Like most autistics, my stims (repetitive self-calming actions) have changed over the years. I was fascinated to find out that some special education professionals in New Zealand still think that children’s stims should be eliminated. Now, I think that if a stim is self-harming then there is value to this viewpoint, but otherwise eliminating the stim can in itself be harmful. Running along playground fences or painted lines, rocking, flapping, sucking fingers – these are all stims that are quite common and I absolutely cannot fathom why on earth anyone would suggest they be eliminated.
In further inquiry, it seems that neurotypical adults feel that these stims mark the autistic child (or adult) out as different, and so in the firing line. However, many of these same adults are quite comfortable with the idea of fiddle toys, and even whole boxes of fiddle toys for a child to have during mat time (this is a time when the whole class sits on the mat and the teacher is talking or reading to them etc). I have no understanding of how playing with a luminous green squishy ball is less of a stand out activity than flapping. For the record – I love my fiddle toys.
I was so proud to hear a teacher say that she did not want to eliminate a child’s stims, and even prouder when she asked if we could provide information about why she should not do so. She felt the stims helped the student function, calm and centre themself. And, I have to say this was one of the happiest autistic kids I have seen in a long time.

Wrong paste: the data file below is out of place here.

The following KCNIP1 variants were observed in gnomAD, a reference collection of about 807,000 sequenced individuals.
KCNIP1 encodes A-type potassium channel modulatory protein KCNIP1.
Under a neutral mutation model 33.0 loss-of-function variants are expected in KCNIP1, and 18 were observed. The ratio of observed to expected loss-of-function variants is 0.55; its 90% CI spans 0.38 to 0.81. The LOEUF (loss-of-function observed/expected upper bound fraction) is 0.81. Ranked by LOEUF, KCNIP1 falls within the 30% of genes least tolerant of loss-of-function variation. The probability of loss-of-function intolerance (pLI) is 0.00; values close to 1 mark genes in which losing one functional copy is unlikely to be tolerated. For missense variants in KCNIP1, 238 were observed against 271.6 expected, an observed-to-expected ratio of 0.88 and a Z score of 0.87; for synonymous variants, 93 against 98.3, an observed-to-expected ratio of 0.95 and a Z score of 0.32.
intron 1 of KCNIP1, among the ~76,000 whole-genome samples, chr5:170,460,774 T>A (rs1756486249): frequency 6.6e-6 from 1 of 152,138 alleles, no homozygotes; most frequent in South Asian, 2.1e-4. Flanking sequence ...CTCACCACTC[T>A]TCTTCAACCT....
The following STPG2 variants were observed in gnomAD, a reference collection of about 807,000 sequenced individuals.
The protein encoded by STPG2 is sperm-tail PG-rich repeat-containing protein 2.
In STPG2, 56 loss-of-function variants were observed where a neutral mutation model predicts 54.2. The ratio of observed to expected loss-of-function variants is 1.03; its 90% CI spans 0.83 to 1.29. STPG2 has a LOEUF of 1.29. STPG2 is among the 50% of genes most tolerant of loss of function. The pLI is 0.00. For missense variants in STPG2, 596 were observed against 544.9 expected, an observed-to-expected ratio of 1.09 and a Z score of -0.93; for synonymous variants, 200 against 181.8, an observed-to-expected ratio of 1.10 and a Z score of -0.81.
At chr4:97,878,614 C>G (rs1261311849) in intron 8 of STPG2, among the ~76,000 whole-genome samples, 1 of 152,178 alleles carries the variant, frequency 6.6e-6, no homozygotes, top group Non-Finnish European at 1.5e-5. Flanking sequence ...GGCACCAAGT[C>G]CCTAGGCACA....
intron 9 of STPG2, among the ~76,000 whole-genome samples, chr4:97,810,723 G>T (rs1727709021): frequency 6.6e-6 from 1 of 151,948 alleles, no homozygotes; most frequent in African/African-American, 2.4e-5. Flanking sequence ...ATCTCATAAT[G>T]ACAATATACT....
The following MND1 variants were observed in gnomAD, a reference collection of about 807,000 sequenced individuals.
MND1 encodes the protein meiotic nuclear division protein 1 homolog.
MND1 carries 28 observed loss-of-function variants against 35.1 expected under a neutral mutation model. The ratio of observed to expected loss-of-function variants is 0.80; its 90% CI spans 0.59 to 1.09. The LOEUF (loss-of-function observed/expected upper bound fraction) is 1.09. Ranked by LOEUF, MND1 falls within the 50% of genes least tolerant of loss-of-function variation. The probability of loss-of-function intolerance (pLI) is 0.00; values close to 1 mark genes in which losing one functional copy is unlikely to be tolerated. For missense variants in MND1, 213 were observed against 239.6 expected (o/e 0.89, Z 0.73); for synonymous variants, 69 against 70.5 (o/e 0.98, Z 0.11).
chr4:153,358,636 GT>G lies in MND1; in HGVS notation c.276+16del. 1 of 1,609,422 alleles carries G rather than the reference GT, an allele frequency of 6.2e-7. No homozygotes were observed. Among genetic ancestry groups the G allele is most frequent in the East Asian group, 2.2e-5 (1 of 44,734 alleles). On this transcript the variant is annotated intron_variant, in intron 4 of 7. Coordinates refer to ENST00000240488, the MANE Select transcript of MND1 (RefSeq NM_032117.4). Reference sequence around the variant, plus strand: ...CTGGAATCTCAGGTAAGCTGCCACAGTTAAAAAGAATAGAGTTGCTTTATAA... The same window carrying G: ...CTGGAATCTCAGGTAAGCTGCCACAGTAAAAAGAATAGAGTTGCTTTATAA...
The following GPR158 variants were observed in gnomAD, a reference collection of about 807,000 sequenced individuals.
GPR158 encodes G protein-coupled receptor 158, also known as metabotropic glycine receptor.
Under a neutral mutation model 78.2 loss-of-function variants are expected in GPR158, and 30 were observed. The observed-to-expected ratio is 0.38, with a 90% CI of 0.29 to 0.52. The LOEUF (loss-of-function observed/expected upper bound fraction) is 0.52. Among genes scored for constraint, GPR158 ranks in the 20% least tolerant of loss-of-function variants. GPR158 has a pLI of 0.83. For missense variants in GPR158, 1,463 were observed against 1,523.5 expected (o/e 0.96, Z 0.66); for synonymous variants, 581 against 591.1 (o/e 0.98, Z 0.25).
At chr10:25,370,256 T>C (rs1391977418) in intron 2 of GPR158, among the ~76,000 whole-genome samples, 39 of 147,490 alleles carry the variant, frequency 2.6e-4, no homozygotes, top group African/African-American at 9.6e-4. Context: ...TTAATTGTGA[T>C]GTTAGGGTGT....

On the other hand, people have got all caught up about kids walking or running along the fence line at break time…. Why? Are there any safety issues? (no) Is it hurting anyone? (no) Does it have the potential to hurt anyone? (no) So what’s the issue? Often parents and teachers will explain that the issue is that the child is not being social, and I get this, but break time is for having a break. For neurotypical kids, break time is the time to be social, but for autie and aspie kids its the time to have a break from having to be social. Classrooms are social environments, there is hardly any alone, quiet time, its all group work, paired chat or class discussion (especially now)… all this socialising and then the kids are being asked to play with others (a social activity) when all they want is some down time to recuperate before the next round of social classroom learning.
So if you have a child or student who stims, ask yourself if it hurts them or others, and if not, leave them be, please. When harmless stims are forbidden, they are replaced with other stims. We need to self-calm, we need to centre ourselves after social or emotional interactions, so if you take away our preferred method, we will find another, and another…
And if you are thinking about trying to stop your child or student from looking different, well – would you tell someone not to wear glasses or use their walking stick because it made them look different?